An academic in his mid-sixties won the right yesterday to a retrial in his battle to be declared the father of four-year-old twins.
He is seeking an order that the two girls should undergo DNA tests despite the refusal of their mother, who has been married since 1975 to another man. Judge Elystan Morgan refused the request at Caernarfon County Court, ruling that if the academic proved to be the real father, it would break up a "happy marriage".
Lord Justice Thorpe, one of three judges who heard the appeal last month, said in a reserved judgment yesterday that there should be a balance between establishing scientific fact against the risk of "perpetuating a state of uncertainty that breeds gossip". He allowed the academic's appeal and sent the case back to a High Court judge for retrial.
The academic, who has five children by other relationships, claimed he had a close sexual relationship with the mother between 1995 and 1999 when it broke down "on a sour note". The mother, who is in her forties and from North Wales, admits she had sex with him, but only while she was using contraceptives. She claims the real father is her husband.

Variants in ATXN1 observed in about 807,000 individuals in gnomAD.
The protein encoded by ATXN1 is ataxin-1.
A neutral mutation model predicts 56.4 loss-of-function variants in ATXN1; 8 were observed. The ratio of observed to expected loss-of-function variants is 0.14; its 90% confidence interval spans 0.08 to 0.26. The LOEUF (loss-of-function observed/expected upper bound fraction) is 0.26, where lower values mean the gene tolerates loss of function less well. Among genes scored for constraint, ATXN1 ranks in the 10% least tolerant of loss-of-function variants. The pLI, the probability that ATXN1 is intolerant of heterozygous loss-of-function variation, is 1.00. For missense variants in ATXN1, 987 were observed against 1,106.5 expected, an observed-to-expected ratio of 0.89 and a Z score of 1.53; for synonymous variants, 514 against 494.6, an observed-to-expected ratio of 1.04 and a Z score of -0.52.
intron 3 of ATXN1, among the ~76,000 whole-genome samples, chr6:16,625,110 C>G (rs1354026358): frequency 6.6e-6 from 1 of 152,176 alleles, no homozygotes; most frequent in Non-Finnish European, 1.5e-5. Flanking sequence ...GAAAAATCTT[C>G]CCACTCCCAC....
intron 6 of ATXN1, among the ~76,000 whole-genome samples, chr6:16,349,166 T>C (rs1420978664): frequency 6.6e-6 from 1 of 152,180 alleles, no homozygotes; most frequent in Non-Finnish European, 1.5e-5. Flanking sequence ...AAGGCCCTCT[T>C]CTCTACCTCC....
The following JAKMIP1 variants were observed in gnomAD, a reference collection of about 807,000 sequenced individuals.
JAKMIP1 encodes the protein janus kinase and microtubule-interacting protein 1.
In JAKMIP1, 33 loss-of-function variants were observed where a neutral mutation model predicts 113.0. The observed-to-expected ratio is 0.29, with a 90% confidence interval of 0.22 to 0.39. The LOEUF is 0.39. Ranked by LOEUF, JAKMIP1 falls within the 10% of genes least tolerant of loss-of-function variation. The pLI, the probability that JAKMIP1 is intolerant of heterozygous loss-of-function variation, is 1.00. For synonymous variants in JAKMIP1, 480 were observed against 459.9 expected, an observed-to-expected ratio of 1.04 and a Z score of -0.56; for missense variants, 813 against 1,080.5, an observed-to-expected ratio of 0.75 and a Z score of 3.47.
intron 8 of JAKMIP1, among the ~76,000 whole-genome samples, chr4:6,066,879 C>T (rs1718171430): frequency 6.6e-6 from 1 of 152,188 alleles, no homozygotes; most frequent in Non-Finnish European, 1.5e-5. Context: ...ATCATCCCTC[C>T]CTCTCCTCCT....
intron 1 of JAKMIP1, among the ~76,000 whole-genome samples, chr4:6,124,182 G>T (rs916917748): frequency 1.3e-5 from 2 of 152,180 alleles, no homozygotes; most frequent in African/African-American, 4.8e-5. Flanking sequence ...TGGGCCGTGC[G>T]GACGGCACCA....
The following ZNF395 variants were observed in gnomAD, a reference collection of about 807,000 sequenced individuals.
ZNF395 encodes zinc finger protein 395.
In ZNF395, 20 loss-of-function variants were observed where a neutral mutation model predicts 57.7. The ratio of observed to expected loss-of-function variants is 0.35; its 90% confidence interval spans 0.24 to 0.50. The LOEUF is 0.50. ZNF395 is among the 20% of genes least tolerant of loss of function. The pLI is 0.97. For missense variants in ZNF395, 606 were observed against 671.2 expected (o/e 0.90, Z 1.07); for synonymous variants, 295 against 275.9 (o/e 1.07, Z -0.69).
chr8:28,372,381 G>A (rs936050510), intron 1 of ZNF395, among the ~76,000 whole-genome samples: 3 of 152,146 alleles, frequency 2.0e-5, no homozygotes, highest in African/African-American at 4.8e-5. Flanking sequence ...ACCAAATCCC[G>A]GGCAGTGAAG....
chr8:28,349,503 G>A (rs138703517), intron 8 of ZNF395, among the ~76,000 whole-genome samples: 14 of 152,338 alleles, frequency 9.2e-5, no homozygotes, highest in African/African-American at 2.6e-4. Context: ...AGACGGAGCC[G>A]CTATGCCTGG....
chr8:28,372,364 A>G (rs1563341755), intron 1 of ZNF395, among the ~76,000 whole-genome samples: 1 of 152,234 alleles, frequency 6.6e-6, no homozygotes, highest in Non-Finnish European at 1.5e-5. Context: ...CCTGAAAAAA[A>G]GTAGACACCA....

The trial judge had also accepted that at first the mother, known as Mrs R, had told the academic, described in court papers as Mr B, that he was the father of the twins. She had sent Christmas cards from the twins to him in 1997 and 1998 and had allowed visits with the babies.
The judge also found that the mother's husband, Mr R, had accepted that the twins were his and had become their primary carer after the mother went back to work.
After the quarrel in 1999, Mr B applied for contact and parental responsibility, which Mrs R opposed. A court order was made for DNA testing, but Mrs R refused to comply.
Lord Justice Thorpe said: "One of the extraordinary features of the case is that throughout this year of litigation Mrs R had concealed its existence from her husband. Her deceit was uncovered when [he] accidentally came across court papers in her bag in early 2000."